Mandolin cases and gig bags: Protect your mandolin from scrapes and scratches; they’re pretty much essential if you plan to take your mandolin on the road or to gigs.
Picks: Mandolin players use a variety of types including those made specifically for the mandolin as well as guitar picks.
Strings: Sooner or later you’ll need to change your mandolin’s strings. A fresh set can revive the tone of a mandolin that seems to have lost its luster. Strings are made using various materials, each with their own tonal characteristics. Experimenting with several types can help you find a tone that’s more pleasing and brings out the innate beauty of your mandolin’s sound.
Tuner: A good-quality tuner will make the process of tuning up your mandolin much easier. Some models have a specific mode for tuning mandolins that makes the process even simpler.
Dig deeper with our Mandolin String Buying Guide.
Getting Started Learning to Play the Mandolin
While having a friend or professional teacher show you the ropes is invaluable, nowadays there are a lot of resources available to get you started playing the mandolin on your own. These include:
Mandolin Instructional Books, Tutorials, DVDs, and CDs
You’ll find a huge range of resources to match your mandolin expertise, whether you’re an absolute beginner, intermediate student, or seasoned player looking to improve your skills. Many mandolin how-to’s and tutorials include DVDs and CDs with all kinds of audio and video examples of the techniques being taught. Some also include access to online resources where you can post questions and chat with other mandolin students, teachers, and enthusiasts. Many of these mandolin instructional books and media are focused on specific music styles such as bluegrass, country, or folk.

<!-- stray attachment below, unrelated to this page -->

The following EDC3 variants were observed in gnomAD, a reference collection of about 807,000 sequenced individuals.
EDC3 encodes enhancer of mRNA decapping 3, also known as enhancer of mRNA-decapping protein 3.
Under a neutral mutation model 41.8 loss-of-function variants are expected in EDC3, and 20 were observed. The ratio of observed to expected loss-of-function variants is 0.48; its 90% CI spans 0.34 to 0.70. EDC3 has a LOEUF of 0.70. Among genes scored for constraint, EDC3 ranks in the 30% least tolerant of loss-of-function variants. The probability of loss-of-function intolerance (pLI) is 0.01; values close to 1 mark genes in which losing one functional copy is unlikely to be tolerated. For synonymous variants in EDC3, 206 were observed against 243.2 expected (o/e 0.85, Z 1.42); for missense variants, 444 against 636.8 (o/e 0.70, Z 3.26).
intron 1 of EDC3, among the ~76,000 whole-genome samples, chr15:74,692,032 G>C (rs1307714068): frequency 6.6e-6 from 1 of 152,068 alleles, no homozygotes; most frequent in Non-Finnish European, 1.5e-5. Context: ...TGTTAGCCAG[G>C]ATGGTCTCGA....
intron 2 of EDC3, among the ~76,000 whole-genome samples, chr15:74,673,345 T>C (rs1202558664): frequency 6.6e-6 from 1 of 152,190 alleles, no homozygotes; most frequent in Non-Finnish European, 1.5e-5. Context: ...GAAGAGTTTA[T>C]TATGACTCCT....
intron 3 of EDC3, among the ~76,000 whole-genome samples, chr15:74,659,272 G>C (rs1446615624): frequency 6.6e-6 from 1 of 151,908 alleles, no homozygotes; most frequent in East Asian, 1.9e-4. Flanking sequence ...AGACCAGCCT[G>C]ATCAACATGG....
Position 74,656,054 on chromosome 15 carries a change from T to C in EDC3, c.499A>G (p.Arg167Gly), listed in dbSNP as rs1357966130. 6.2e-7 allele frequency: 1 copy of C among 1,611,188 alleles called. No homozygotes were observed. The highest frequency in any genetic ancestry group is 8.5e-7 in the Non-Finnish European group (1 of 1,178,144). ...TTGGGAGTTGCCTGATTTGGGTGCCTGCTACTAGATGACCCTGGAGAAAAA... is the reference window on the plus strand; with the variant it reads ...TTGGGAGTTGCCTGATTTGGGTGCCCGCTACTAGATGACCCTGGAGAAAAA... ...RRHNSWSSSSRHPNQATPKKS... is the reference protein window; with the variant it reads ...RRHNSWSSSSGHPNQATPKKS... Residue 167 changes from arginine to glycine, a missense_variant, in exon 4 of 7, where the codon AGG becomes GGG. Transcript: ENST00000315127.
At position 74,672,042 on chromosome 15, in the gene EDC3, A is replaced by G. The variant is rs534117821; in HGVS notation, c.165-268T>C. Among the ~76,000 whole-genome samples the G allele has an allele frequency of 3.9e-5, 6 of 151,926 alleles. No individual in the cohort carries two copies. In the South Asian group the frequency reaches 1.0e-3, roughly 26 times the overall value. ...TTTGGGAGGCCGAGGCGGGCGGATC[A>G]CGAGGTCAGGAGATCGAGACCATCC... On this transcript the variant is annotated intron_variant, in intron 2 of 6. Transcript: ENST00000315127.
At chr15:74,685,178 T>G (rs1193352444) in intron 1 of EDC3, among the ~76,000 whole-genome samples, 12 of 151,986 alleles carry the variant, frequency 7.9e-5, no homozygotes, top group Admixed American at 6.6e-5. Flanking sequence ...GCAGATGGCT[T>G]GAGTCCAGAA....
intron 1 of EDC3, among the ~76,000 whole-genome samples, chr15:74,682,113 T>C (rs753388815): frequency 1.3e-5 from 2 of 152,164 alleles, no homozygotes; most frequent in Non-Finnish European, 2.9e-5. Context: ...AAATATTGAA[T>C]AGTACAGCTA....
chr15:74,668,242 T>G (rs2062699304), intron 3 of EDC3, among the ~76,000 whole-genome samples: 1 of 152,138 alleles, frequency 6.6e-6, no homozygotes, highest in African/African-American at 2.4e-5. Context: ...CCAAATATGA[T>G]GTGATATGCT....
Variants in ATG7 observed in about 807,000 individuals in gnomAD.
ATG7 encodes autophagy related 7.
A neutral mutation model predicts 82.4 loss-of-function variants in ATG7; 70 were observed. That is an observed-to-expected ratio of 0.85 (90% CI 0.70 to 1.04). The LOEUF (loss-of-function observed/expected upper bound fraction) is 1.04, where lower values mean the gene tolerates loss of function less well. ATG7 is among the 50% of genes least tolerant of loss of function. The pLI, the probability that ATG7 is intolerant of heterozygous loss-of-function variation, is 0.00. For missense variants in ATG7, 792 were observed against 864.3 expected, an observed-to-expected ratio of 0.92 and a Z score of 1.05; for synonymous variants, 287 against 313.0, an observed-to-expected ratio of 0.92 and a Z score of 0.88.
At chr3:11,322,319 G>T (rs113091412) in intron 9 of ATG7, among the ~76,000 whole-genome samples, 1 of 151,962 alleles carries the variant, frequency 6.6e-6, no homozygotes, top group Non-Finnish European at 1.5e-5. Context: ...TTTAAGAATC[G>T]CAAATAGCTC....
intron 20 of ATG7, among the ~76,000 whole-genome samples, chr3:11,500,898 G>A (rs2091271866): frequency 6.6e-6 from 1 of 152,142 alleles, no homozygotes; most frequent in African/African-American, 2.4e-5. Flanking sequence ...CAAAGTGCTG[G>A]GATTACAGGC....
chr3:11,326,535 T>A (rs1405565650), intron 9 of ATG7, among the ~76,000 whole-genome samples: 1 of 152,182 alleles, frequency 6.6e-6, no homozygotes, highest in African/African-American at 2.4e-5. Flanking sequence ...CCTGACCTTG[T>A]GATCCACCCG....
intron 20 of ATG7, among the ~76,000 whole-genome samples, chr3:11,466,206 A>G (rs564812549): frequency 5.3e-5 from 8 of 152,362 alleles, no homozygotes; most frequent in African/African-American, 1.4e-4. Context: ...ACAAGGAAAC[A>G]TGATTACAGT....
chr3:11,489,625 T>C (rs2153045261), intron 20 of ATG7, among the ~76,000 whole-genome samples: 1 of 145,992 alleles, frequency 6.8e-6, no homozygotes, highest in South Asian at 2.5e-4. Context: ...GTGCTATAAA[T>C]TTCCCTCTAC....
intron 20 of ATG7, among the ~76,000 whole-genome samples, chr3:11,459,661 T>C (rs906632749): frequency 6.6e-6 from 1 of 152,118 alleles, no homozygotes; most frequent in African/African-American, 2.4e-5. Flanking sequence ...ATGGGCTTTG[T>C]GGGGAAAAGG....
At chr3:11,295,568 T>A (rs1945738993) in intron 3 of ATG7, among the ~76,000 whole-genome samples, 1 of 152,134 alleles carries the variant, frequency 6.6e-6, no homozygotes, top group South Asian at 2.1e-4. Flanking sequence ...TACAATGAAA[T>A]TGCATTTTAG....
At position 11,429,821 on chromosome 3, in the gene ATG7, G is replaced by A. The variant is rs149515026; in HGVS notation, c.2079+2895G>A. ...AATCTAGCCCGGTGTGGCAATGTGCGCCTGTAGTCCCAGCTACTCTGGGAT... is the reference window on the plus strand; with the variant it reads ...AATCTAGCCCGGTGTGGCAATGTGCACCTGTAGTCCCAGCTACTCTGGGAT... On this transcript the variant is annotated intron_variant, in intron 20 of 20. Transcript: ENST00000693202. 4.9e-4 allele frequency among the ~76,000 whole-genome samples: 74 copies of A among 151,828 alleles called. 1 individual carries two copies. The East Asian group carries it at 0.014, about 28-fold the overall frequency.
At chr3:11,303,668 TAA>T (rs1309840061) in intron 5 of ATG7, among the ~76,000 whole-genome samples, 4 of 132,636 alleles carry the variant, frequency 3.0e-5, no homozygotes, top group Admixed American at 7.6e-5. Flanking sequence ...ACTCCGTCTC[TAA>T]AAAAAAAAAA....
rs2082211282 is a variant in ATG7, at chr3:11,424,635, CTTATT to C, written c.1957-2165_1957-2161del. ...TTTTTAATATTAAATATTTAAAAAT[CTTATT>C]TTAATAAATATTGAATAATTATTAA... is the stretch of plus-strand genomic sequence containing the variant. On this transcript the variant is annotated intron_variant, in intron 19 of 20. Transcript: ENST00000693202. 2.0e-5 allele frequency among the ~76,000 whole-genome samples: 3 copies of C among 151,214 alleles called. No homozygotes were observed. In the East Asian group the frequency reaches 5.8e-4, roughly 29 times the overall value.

Mandolin Songbooks, Chord Guides, and Easy Tab Arrangements
With dozens of titles to choose from, you’ll find all the songs and music styles you love represented. Many offer simple arrangements of popular songs that are easy for beginners to learn. There are also numerous mandolin songbooks and learning tools written by the pros you admire, offering their tips and tricks for creating great music on the mandolin.
Explore Musician’s Friends huge selection of mandolin instruction books, tutorials, CDs, DVDs and songbooks.
You should now have some good basic information about the kinds of mandolins out there as well as the things to look for in shopping for a mandolin. There is no simple formula in arriving at the best instrument for your needs and budget. Your fingers and ears should be the ultimate judge.
One basic suggestion is to shop for the best instrument that falls within your budget. A poorly made mandolin that’s hard to play and tune is likely to discourage even the most determined student.
Reading professional and online reviews of various mandolin models can be helpful in pinpointing the right instrument. You’ll also find hundreds of user reviews from fellow musicians and mandolin students alike as you peruse our vast collection of mandolins.
We want you to be totally pleased with your new mandolin and offer 45-day, no-hassle returns (10 days on mandolins priced at $1999 or more).
After reading this guide, if you’re still not sure what mandolin is right for you, we invite you call to one of our friendly and knowledgeable Gear Heads at (877) 880-5907.